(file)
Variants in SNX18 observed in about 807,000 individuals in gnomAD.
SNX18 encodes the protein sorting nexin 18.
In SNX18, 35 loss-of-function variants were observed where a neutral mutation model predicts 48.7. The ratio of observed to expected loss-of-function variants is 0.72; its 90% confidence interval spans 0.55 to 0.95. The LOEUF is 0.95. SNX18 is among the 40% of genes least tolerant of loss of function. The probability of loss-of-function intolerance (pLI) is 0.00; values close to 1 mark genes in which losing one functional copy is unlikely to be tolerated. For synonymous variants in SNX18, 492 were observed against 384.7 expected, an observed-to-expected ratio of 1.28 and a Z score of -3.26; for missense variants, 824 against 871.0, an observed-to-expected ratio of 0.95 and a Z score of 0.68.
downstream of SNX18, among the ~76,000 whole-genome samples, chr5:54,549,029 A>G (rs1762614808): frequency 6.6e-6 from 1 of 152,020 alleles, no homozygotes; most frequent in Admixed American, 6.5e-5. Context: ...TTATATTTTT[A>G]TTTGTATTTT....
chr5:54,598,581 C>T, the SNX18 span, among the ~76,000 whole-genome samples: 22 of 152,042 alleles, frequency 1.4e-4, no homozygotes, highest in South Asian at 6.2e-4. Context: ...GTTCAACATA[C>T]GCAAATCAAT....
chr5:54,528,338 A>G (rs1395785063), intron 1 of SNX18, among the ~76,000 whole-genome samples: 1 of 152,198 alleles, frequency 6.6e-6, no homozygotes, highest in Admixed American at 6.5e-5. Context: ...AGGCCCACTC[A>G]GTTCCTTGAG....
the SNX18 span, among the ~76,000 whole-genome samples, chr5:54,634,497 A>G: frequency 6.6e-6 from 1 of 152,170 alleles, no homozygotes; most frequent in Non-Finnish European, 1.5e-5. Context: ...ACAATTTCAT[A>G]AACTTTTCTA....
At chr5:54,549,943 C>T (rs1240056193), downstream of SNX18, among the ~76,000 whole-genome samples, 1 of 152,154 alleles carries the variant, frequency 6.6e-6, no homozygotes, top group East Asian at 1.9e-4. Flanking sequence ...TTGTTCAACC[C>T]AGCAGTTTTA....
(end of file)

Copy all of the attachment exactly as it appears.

Variants in SNX18 observed in about 807,000 individuals in gnomAD.
SNX18 encodes the protein sorting nexin 18.
In SNX18, 35 loss-of-function variants were observed where a neutral mutation model predicts 48.7. The ratio of observed to expected loss-of-function variants is 0.72; its 90% confidence interval spans 0.55 to 0.95. The LOEUF is 0.95. SNX18 is among the 40% of genes least tolerant of loss of function. The probability of loss-of-function intolerance (pLI) is 0.00; values close to 1 mark genes in which losing one functional copy is unlikely to be tolerated. For synonymous variants in SNX18, 492 were observed against 384.7 expected, an observed-to-expected ratio of 1.28 and a Z score of -3.26; for missense variants, 824 against 871.0, an observed-to-expected ratio of 0.95 and a Z score of 0.68.
downstream of SNX18, among the ~76,000 whole-genome samples, chr5:54,549,029 A>G (rs1762614808): frequency 6.6e-6 from 1 of 152,020 alleles, no homozygotes; most frequent in Admixed American, 6.5e-5. Context: ...TTATATTTTT[A>G]TTTGTATTTT....
chr5:54,598,581 C>T, the SNX18 span, among the ~76,000 whole-genome samples: 22 of 152,042 alleles, frequency 1.4e-4, no homozygotes, highest in South Asian at 6.2e-4. Context: ...GTTCAACATA[C>T]GCAAATCAAT....
chr5:54,528,338 A>G (rs1395785063), intron 1 of SNX18, among the ~76,000 whole-genome samples: 1 of 152,198 alleles, frequency 6.6e-6, no homozygotes, highest in Admixed American at 6.5e-5. Context: ...AGGCCCACTC[A>G]GTTCCTTGAG....
the SNX18 span, among the ~76,000 whole-genome samples, chr5:54,634,497 A>G: frequency 6.6e-6 from 1 of 152,170 alleles, no homozygotes; most frequent in Non-Finnish European, 1.5e-5. Context: ...ACAATTTCAT[A>G]AACTTTTCTA....
At chr5:54,549,943 C>T (rs1240056193), downstream of SNX18, among the ~76,000 whole-genome samples, 1 of 152,154 alleles carries the variant, frequency 6.6e-6, no homozygotes, top group East Asian at 1.9e-4. Flanking sequence ...TTGTTCAACC[C>T]AGCAGTTTTA....